Owing to the inherently complex and unpredictable nature of life science R&D, many alliances experienced the need for frequent changes of focus and direction as experiments failed unexpectedly or serendipitous breakthroughs emerged. Whereas the first generation process management tools, being focused on operational metrics and contractual obligations, tended to drive the collaborators towards the original operating plan which was no longer valid.

In response, some companies began implementing balanced scorecards and other similar tools to align goals and maintain consistent strategies while allowing the collaborators to operationally adjust to unanticipated scientific results and regulatory rulings. Balanced scorecards work by aligning strategic goals and articulating the strategies for achieving these goals as a “cause-and-effect” flow of linked objectives and metrics with respect to people, processes, internal customers and stakeholder outcomes. The governance structures implemented with this approach are similar to that described earlier, with the addition of problem-solving teams for prioritised groups of objectives, the latter referred to as “strategic themes”. There have been several well-documented success stories,1 although these mostly relate to major clinical development partnerships between large pharma and major CROs. Nevertheless, this approach appears to be the current best practice for large strategic collaborations.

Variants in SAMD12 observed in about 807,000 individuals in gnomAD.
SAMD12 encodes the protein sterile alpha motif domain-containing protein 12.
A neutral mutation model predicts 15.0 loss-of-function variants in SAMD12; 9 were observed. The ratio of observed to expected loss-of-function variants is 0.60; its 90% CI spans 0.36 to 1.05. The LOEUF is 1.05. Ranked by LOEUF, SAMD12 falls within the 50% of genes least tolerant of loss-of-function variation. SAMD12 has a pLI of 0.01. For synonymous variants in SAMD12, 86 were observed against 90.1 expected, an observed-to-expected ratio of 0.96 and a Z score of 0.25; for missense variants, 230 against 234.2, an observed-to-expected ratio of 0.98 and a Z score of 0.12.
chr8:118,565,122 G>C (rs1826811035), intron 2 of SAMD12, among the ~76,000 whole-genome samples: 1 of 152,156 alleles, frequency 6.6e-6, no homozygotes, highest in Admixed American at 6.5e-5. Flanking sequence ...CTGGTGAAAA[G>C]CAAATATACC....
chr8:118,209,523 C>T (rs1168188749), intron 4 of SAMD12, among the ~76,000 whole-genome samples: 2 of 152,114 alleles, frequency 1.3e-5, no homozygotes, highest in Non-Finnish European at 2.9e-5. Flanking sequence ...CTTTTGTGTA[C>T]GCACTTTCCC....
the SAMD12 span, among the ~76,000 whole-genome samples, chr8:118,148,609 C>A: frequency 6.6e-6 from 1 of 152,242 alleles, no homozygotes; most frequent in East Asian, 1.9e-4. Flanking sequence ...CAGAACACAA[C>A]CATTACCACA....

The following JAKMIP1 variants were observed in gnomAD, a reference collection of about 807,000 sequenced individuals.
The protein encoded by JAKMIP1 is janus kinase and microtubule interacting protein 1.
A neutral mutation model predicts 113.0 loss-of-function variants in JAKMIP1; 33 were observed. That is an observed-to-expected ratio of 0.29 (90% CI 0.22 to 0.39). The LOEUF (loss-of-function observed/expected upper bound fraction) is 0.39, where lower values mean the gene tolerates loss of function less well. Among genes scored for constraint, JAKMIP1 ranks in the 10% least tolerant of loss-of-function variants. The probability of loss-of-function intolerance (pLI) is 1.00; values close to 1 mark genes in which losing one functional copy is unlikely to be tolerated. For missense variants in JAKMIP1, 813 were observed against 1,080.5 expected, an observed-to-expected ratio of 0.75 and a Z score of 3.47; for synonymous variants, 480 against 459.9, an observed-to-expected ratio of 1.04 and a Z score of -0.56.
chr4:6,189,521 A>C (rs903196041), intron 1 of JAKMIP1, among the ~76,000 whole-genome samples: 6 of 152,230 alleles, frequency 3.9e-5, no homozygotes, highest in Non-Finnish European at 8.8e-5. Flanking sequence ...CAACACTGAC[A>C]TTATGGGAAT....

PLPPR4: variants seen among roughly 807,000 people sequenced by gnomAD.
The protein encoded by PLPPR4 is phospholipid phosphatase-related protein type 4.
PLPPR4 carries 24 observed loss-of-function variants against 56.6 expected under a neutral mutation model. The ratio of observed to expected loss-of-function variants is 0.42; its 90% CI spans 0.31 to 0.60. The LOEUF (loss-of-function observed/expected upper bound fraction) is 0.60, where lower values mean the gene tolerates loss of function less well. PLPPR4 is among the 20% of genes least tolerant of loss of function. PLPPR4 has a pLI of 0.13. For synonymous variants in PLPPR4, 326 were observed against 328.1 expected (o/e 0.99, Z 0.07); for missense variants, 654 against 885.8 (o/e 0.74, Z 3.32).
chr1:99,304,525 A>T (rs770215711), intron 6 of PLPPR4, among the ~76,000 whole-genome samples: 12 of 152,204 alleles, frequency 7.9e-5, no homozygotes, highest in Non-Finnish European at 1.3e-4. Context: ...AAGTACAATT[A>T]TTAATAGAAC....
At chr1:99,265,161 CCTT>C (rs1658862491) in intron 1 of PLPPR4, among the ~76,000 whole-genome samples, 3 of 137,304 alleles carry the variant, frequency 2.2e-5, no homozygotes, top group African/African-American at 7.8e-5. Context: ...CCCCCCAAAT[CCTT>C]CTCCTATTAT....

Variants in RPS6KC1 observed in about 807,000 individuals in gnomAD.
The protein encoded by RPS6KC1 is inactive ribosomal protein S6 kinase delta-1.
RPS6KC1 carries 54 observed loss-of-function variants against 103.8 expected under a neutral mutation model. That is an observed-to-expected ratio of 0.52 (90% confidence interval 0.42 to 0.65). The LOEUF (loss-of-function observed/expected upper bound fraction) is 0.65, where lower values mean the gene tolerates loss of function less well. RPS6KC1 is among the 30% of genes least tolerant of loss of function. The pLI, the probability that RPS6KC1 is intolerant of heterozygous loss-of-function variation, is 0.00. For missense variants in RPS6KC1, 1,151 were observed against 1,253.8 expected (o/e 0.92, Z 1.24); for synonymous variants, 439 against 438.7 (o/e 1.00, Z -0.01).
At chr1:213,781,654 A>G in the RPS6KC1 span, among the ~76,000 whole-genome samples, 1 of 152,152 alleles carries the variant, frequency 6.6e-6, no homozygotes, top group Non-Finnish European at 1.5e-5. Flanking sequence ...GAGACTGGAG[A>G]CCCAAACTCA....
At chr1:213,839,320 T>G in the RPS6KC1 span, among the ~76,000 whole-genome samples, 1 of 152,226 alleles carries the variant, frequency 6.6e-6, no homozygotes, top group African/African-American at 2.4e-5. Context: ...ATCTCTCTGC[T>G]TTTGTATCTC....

“Another key driver for a very productive innovation partnership is ‘co-creative collaboration’…”

 

Limitations for “big-small” innovation partnerships

Implementation of the formal alliance management machinery (joint committees, teams, co-leaders, metrics, etc.) in the large strategic partnerships is often supplemented by efforts to drive the corresponding behavioural changes. For example, the oft-quoted Solvay-Quintiles case required:

1. Alignment of personal performance reviews and incentives with the collaboration’s objectives and metrics.